Correction & Clarification: An earlier version of this story misstated the nature of the products sold by Keurig Dr. Pepper and CEO Robert Gamgort’s comments about them.
Let’s call this the judgment free zone until further notice.
Americans enjoy comforting food because a coronavirus pandemic keeps them locked in, eating sweet cereals, junk food, frozen pizza, and other items that may not be too healthy to help them get through a pandemic.
This trend is a reversal of national gravity towards more natural food in recent years, which has benefited products considered healthier.
But sudden bursts of stress, boredom and, in some cases, lack of alternatives have changed people’s habits, at least temporarily. Beware of the waist.
While heaps of toilet paper and hand sanitizers whenever they could find them, Americans took familiar items such as Cinnamon Toast Crunch cereals, carp crackers, baked goods and dairy products.
“People seem to want good food,” said Kai Bockmann, president of the maker of Saputo dairy products, who reported an increase in rope cheese sales.
Breakfast is back
Breakfast, in particular, enjoys a sudden awakening.
“I think families are turning to things like cereal to instill a sense of what is familiar, what is normal, something they believe in,” said Ricardo Fernandez, president of the US cereal business at General Mills, where cereal sales such as Cinnamon Toast Crunch, Trix and Lucky Charms are booming. “People who don’t usually have breakfast might come back for breakfast because their normal routine has been interrupted.”
Coronavirus and inventory shopping:Reach toilet paper shortages
Ban on reverse plastic bags:Countries, cities, shops suddenly prohibit reusable bags during coronavirus
Stress eating and coronavirus:WW launches Zoom virtual workshop
Sales of milk, which is closely related to cereals, jumped 60% in the week ending March 22, compared to the previous year, according to IRI, a market research company based in Chicago. That increase marked a sudden reversal for products such as liquid milk, which has declined in popularity over the years.
Suddenly, the kitchen table was filled with parents and children who ate side by side.
“It’s a bit like that, if you want,” said Michael Dykes, CEO of the International Dairy Foods Association, whose members include milk processors, farm stalls and retailers such as Kroger and Safeway. “They were all there without purpose, so they ate together as a family. They had breakfast together.”
Fernandez said the General Mills plant was operating at full capacity to help meet the demand from consumers who fill kitchens for company cereals.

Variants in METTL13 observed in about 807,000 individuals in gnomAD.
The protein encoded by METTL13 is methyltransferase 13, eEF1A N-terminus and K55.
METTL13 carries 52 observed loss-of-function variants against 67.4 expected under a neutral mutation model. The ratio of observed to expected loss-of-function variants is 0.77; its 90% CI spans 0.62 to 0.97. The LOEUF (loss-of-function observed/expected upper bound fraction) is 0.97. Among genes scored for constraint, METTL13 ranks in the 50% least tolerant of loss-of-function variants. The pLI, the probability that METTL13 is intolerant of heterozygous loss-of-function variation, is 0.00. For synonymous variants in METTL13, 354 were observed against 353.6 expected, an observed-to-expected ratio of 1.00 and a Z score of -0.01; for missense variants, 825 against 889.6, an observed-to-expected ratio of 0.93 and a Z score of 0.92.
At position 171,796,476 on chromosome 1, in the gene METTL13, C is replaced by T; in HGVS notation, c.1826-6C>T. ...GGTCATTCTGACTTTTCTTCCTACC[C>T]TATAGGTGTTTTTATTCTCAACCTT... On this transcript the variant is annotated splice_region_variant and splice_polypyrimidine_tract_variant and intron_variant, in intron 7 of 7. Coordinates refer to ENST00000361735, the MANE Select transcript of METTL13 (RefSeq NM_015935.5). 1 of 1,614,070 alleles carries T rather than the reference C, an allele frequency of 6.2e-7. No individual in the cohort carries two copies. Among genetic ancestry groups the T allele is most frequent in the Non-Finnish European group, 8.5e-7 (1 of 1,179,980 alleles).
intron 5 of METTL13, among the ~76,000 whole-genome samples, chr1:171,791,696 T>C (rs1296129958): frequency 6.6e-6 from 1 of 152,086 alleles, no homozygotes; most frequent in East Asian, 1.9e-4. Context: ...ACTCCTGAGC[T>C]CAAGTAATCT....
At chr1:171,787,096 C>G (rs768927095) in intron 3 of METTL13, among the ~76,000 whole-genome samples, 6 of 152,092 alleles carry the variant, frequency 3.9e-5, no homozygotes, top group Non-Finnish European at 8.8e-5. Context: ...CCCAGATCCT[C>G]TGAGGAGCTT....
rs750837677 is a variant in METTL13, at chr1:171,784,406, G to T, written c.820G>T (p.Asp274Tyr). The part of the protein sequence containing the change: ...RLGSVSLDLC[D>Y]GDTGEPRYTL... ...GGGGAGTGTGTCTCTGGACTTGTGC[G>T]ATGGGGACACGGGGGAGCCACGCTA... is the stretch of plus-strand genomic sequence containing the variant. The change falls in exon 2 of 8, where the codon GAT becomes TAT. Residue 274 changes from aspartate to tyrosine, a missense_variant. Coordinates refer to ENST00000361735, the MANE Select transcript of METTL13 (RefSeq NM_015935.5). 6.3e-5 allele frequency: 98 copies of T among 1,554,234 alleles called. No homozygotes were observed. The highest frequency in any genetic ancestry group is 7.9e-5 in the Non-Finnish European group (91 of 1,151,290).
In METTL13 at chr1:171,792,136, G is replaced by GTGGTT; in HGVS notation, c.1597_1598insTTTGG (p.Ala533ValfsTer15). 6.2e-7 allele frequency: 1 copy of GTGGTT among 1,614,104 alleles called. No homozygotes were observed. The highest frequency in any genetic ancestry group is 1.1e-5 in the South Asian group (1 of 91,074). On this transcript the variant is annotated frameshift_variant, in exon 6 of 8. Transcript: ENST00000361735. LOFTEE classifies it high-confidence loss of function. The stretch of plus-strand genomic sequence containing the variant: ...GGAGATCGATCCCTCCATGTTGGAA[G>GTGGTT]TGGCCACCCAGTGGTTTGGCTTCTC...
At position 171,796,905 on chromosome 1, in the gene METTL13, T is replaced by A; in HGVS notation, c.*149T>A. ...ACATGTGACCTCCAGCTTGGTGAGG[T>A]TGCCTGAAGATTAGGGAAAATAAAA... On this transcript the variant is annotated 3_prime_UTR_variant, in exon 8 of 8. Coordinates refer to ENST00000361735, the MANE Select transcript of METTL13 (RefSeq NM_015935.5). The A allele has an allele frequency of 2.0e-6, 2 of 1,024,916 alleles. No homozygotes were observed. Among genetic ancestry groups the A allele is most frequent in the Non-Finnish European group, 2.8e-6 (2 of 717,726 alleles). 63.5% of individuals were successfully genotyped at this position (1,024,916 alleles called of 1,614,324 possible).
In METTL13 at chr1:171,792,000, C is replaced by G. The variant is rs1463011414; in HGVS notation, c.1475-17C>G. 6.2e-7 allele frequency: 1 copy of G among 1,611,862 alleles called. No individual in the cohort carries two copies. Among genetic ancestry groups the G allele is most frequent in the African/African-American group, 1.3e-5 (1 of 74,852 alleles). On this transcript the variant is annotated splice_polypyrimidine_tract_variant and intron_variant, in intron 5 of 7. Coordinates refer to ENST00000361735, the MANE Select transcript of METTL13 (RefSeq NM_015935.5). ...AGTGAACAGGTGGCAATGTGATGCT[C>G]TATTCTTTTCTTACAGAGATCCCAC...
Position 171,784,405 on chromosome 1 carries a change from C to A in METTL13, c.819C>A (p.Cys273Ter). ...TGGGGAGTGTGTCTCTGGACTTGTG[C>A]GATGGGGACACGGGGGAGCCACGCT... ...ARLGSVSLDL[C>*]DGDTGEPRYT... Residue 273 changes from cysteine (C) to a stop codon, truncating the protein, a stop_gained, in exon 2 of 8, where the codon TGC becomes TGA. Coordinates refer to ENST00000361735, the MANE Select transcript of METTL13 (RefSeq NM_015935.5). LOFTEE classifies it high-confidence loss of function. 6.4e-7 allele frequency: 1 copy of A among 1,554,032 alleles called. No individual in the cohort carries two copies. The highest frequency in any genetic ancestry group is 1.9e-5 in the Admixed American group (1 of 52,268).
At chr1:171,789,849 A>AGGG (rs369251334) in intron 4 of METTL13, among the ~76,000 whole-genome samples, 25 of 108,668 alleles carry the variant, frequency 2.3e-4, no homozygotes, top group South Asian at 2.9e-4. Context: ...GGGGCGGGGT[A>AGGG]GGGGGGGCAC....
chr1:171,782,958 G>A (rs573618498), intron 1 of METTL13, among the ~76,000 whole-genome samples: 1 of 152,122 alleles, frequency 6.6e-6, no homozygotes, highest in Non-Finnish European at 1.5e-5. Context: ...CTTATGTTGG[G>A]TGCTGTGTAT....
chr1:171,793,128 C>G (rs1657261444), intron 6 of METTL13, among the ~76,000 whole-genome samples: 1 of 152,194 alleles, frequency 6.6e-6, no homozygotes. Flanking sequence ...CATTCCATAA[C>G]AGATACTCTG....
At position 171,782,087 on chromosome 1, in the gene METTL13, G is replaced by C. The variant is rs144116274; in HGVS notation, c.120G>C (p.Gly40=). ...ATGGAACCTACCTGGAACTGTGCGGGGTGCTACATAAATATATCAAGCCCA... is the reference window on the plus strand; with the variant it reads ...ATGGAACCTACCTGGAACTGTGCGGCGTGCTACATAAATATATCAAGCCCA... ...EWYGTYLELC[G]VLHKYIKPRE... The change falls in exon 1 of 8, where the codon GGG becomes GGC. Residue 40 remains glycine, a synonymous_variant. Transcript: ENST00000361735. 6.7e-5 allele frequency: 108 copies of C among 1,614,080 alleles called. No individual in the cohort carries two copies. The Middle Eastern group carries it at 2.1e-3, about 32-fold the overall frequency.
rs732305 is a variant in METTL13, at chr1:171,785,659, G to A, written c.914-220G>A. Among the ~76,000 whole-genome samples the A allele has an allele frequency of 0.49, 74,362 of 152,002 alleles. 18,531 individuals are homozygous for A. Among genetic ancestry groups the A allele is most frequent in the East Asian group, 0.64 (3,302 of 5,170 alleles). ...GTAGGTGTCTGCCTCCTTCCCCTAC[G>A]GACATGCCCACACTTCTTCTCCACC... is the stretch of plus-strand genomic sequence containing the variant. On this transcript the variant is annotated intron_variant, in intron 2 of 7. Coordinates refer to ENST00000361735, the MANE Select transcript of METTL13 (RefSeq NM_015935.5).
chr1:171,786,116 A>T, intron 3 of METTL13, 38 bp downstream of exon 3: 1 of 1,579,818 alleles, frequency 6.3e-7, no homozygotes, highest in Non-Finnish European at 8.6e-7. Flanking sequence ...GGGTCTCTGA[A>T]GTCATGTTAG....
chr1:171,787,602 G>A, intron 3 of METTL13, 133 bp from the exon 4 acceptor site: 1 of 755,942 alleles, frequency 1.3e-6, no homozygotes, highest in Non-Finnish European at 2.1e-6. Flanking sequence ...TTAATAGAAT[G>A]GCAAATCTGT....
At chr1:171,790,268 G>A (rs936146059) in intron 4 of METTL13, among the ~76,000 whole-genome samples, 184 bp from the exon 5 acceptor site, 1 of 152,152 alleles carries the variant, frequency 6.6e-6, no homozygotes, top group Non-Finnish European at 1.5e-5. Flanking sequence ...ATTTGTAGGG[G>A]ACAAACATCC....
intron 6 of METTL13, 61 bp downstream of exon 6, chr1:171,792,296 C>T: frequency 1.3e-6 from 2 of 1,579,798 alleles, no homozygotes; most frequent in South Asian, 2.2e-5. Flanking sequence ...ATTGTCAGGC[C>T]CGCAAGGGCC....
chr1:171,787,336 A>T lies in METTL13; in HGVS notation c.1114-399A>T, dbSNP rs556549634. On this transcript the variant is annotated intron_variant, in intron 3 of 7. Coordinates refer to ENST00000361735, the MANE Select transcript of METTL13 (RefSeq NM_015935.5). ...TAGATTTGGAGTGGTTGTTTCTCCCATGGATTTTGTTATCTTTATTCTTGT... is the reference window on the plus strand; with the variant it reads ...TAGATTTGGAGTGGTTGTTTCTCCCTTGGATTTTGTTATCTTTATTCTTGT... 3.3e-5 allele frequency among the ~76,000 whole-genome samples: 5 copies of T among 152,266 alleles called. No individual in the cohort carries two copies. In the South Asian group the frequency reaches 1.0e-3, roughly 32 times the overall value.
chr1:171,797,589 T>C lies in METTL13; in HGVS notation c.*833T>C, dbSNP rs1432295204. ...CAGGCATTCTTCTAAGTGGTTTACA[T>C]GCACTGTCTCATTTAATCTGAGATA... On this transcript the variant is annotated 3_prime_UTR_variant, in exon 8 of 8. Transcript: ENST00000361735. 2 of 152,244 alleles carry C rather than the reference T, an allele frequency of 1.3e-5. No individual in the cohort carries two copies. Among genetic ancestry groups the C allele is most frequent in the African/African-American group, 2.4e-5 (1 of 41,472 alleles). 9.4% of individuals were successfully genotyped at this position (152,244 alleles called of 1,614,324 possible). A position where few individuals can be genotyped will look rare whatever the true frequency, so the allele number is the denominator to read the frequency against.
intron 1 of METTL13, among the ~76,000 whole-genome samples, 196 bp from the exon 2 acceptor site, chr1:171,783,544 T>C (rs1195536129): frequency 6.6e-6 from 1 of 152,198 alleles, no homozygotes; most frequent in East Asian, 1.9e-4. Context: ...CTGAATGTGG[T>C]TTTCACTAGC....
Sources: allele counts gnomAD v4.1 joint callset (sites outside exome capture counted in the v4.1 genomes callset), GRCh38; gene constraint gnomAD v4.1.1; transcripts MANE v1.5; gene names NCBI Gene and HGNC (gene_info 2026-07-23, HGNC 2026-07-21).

“We are seeing a surge across the board,” he said, adding that General Mills had taken extra precautions to protect workers and ensure food safety. “Of course there are many consumers piled up at home.”
Kellogg, who sells Frosted Flakes and Pop Tarts, declined interview requests for this story. But the company has seen sales increase across its product lines, spokesman Kris Bahner said in an email.
Reach snacks and snacks
Another sign of a soothing food boom: Americans seem to bake more and consume more sweets than usual at home.
McCormick ingredients seller reported a sharp increase in vanilla sales, a key ingredient in some cakes.
Steve Presley, CEO of Nestlé USA, said in comments sent by e-mail that the company’s baking brands, including Nestlé Toll House and Carnation performed strongly “because consumers receive intimate and entertaining treats that they know and love.”
Overall, sales of fresh and packaged bread items in the week ending March 22 jumped 37%, compared to the previous year, according to IRI.
In general, snacks enjoy a party, according to companies like Conagra Brands, which sells Slim Jim jerky and Orville Redenbacher popcorn.
“We see very high speeds in multi-serve, single-serve snacks,” Conagra Brands CEO Sean Connolly said at a conference call with investors and analysts on March 31.
Goldfish Campbell cracker sales increased 23% in the four weeks ended March 15, compared to the previous year, according to IRI.
Spam, made by Hormel, is among products that experience “strong demand,” the company said in a statement.
The challenge for “stable on the shelf” food sellers such as cereals and dry snacks such as Kellogg’s Cheez-It crackers is to maintain momentum whenever the corona virus finally subsides.
“Despite strong growth over the past few weeks, this momentum seems unsustainable because people are likely to have pantries full of cereals and will likely not have immediate demand for more after easing social distance,” said Jacqueline Hiner, an analyst for research firms IBISWorld.
“However, there is potential for some ongoing demand from consumers who continue to maintain their pantries with nonperishables to stay ready for potential similar events in the future as well as requests from those who change breakfast preferences for cereals.”
Follow Today’s USA reporter Nathan Bomey on Twitter @NathanBomey.
to request modification Contact us at Here or [email protected]